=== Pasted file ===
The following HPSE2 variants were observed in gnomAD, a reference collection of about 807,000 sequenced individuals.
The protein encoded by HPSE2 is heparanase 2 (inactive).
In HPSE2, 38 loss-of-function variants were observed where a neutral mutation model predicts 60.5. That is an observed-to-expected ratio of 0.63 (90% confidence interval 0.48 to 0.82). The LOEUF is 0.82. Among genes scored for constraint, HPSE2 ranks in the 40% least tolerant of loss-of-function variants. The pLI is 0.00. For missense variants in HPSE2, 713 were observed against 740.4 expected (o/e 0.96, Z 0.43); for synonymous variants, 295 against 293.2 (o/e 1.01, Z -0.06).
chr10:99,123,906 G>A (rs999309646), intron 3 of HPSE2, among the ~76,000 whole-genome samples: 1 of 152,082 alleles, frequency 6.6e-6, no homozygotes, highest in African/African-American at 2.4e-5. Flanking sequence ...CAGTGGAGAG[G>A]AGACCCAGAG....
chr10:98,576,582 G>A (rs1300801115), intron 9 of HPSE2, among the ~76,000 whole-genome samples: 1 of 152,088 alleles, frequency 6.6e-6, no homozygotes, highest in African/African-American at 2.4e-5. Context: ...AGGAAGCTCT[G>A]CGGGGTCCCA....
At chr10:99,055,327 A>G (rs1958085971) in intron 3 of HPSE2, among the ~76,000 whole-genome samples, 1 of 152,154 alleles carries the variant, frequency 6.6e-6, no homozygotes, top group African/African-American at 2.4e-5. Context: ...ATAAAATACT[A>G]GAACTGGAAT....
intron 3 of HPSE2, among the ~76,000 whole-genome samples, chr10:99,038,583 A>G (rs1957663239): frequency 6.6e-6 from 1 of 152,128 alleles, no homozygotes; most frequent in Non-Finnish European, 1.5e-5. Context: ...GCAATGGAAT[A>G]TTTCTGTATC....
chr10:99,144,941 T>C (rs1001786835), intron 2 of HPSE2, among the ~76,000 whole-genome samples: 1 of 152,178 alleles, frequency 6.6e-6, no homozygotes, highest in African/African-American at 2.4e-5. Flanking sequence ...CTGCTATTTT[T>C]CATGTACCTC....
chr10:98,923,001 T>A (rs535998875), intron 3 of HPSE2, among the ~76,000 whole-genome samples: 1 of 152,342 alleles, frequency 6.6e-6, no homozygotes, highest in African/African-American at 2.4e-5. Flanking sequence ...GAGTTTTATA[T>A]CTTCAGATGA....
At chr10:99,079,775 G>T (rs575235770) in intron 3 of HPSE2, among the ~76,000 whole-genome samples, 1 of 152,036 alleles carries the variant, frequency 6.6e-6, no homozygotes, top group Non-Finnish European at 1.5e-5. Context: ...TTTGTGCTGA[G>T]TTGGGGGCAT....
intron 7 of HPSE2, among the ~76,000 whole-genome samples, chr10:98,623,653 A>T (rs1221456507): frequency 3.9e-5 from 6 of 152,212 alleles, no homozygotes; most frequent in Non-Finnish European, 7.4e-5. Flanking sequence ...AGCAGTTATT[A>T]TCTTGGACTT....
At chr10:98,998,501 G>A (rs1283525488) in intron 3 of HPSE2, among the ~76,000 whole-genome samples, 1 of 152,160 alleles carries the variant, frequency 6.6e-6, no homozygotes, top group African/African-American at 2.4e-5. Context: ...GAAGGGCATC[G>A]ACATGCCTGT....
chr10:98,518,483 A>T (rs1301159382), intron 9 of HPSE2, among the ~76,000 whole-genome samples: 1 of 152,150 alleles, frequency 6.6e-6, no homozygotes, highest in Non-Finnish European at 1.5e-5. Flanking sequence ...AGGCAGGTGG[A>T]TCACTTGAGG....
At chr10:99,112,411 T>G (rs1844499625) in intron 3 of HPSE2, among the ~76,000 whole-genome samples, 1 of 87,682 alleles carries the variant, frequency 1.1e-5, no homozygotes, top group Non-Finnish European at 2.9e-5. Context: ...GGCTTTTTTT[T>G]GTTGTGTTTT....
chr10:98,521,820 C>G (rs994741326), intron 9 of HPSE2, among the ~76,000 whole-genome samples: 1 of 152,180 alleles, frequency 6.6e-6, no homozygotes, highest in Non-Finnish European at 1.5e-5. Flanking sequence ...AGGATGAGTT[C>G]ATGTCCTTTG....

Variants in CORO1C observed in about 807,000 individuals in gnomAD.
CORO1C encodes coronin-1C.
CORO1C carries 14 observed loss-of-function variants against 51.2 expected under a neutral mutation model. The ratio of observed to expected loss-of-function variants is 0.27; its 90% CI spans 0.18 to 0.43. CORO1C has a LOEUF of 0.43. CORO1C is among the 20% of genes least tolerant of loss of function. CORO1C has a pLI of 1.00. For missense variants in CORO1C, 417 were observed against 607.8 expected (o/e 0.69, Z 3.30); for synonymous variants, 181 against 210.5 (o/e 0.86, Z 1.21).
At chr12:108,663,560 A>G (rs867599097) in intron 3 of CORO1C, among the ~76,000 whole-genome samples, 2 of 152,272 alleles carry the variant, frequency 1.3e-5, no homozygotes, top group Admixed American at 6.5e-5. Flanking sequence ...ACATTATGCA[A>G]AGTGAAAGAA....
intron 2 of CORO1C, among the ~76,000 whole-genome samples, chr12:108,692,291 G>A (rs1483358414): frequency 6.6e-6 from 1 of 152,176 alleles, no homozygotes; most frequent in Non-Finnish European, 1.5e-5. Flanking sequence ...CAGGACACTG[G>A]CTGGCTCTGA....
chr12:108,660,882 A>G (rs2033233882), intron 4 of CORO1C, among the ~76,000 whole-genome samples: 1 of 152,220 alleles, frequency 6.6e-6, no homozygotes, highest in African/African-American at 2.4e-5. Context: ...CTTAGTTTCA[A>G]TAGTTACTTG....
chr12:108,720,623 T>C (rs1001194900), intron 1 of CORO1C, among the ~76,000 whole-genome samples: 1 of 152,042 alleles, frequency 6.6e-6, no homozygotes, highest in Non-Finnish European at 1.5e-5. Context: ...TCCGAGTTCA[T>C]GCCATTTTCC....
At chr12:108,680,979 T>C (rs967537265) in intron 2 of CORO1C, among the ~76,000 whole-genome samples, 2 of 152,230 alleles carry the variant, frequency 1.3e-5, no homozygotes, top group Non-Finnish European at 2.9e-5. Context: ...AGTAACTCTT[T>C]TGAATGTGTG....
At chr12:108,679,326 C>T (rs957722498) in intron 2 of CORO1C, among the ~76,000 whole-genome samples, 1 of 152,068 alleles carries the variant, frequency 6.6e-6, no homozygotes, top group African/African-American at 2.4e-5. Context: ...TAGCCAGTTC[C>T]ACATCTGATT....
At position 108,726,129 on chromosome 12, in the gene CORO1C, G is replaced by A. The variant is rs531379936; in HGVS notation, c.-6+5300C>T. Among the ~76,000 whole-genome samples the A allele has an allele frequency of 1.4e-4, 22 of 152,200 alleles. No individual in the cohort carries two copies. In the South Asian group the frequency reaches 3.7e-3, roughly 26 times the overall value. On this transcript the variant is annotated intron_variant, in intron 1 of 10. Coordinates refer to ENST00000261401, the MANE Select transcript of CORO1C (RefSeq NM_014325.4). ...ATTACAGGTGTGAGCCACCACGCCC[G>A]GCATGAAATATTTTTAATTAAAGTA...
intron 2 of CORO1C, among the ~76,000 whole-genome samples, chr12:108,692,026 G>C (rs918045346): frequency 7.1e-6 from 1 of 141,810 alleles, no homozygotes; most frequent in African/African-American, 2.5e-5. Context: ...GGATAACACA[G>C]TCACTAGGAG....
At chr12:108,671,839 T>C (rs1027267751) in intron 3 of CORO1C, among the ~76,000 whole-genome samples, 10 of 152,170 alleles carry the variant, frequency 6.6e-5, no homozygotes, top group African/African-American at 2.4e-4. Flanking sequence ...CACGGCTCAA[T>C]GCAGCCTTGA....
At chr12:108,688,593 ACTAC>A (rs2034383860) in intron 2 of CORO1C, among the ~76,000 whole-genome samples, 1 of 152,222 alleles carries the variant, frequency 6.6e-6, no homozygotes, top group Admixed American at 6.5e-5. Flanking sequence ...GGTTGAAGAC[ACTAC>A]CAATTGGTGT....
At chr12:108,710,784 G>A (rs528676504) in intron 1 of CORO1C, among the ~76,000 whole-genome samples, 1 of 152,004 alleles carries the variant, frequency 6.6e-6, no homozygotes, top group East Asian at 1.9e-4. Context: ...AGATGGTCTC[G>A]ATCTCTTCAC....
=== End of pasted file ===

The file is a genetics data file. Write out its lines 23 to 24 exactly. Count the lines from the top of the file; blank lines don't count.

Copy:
At chr12:108,680,979 T>C (rs967537265) in intron 2 of CORO1C, among the ~76,000 whole-genome samples, 2 of 152,230 alleles carry the variant, frequency 1.3e-5, no homozygotes, top group Non-Finnish European at 2.9e-5. Context: ...AGTAACTCTT[T>C]TGAATGTGTG....
At chr12:108,679,326 C>T (rs957722498) in intron 2 of CORO1C, among the ~76,000 whole-genome samples, 1 of 152,068 alleles carries the variant, frequency 6.6e-6, no homozygotes, top group African/African-American at 2.4e-5. Context: ...TAGCCAGTTC[C>T]ACATCTGATT....